Once I’d adjusted to the place’s bleakness, I noticed that I wasn’t quite alone there.  I could hear a faint birr of machinery from the hillside above and to the side of the stationmaster’s house, which I took first-of-all to be the sound of forestry workers.  However, I realised that I was really hearing a dump-truck, which a gang of builders were using while they worked on two more houses, intact houses, which stood overlooking the village site.  These, I learnt when I did some research later, were the former school building and school master’s house, which are now ‘in private ownership’.  I read too on a Riccarton Junction-related website a request for visitors to respect the owner’s privacy, so from this I assume that, even today, Riccarton Junction isn’t entirely uninhabited.  It has a population of at least one person, for at least part of the time – no doubt leading a pretty secluded and ascetic existence.



Two school buildings, the walls of a station master’s house, a little generator hut, a platform, a sign, a fragment of restored track and a chimney-stack – there isn’t much left of Riccarton Junction now, but in terms of the desolate and melancholy atmosphere that the place conjures up it’s more than the sum of its surviving parts.  It would, by the way, make a bloody good setting for a ghost story.


And who knows?  If the new line between Edinburgh and Galashiels doesn’t end up costing the earth, and if it’s a financial success once it starts operating, would it be too much to hope for that one day it might be extended south to Hawick?  And ultimately, from Hawick down to Carlisle?  It may not happen in my lifetime, but I like the idea that at some point in the future trains might be rumbling again across the terrain where the village of Riccarton Junction once flourished.



A website about the village, presumably put up by former members of the now-defunct Friends of Riccarton Junction:


Two recent newspaper articles about the partial return of the Waverley Line:


Ian Hislop, editor of Private Eye magazine, shares some thoughts about Dr Richard Beeching:


A feature in the BBC news-website magazine about Britain’s abandoned villages:


It doesn’t include Riccarton Junction (not yet, at least), but here’s a website dedicated to abandoned British villages:


Row versus wade


One evening last week, Tunis experienced a violent thunder-and-lightning storm that dumped a great deal of water on it in a relatively short time.  I did a late shift at my workplace the same evening.  When I was about to finish the shift at 9.30 pm, I discovered that the balcony outside the top-floor office in the building had acquired several inches of water that showed no sign of draining away.  Meanwhile, despite the balcony door being shut, the rain had somehow penetrated the staff kitchen inside and a huge, long puddle meandered across the kitchen floor.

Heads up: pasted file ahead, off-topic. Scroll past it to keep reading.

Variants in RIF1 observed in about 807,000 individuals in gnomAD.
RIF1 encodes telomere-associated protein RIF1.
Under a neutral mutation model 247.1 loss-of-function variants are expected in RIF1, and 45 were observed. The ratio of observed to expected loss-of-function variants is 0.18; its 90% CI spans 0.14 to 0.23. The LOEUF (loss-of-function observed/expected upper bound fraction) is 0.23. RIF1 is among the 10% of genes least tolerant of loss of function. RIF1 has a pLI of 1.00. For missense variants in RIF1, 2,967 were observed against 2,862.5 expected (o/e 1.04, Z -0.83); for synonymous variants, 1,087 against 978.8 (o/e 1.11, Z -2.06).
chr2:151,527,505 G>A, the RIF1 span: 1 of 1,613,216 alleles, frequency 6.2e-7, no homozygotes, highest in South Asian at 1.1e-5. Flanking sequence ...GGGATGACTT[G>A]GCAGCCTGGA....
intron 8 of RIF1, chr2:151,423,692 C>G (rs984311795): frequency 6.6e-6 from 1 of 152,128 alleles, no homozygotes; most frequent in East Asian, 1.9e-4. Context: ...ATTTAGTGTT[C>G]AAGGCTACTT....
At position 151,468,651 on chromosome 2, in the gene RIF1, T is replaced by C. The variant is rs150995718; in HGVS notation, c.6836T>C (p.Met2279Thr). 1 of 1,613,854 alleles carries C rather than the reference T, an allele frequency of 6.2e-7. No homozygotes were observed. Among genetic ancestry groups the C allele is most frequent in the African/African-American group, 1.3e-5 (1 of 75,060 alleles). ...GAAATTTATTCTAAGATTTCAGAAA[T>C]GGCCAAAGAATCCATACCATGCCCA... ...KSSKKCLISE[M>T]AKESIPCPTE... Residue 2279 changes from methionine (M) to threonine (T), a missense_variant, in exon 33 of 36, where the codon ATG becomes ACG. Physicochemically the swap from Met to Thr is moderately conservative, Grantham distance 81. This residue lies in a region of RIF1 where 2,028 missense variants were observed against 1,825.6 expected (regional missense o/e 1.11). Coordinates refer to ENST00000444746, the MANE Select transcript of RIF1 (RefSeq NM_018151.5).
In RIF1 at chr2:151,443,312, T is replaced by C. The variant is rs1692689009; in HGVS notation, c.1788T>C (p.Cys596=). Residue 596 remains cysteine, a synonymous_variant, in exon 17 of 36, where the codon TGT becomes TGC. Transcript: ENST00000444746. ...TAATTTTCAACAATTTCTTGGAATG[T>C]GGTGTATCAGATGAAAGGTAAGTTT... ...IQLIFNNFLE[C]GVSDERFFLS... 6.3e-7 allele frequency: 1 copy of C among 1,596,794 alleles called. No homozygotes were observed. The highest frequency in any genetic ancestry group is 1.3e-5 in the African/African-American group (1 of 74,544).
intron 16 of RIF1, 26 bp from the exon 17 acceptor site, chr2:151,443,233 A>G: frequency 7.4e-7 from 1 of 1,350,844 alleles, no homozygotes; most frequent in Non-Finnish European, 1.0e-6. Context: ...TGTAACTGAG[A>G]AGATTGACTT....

I alerted the building’s security staff about the flooded balcony and the waterlogged kitchen and began to walk home.  Usually, walking from my workplace to my flat takes about 15 minutes.


It’d stopped raining by then but evidence of the storm was everywhere.  Avenue Mohammed V was flooded where the tramlines cross it from Avenue Louis Braille into Rue de Angola.  Two trams were parked bumper-to-bumper in Avenue Louis Braille, their drivers having decided that it was too risky to try to navigate the water in front of them.  I turned into Rue de Angola.  The tramlines were awash there too.  The floodwater rushed between the platform of the local tram-station and the opposite pavement so that the street looked like a concrete-lined waterway.  At one point it spilled over the pavement and to avoid getting my feet soaked I had to monkey-climb along a railing.


I made it to Avenue de la Liberté, where I saw the first person who was walking barefoot, carrying his shoes and socks in his hands.  I’d soon see many more folk like that.  The avenue became more flooded the further I walked down it.  In front of the Italian Club, nearly half of the road was underwater and the intersection beyond looked like a lake – cars just about managed to plough across it, looking more like boats than vehicles.  The water lapped around the base of the kiosk at the top of the intersection and the people staffing it, and the squad of never-do-wells who every evening hang out by it, looked marooned.  I ran and long-jumped over the water in front of the Italian Club, onto the other pavement.  But I decided I wasn’t going to get home by continuing along Avenue de la Liberté.


Instead, I went up Avenue des Etats Unis and cut across to Avenue Taieb M’Hiri, which runs along the edge of Belvedere Park.  The city-side of this avenue was passable, though the park-side looked inundated.  I saw a string of weary-looking young men and women wading along that side, looking like refugees filing in bedraggled despondency.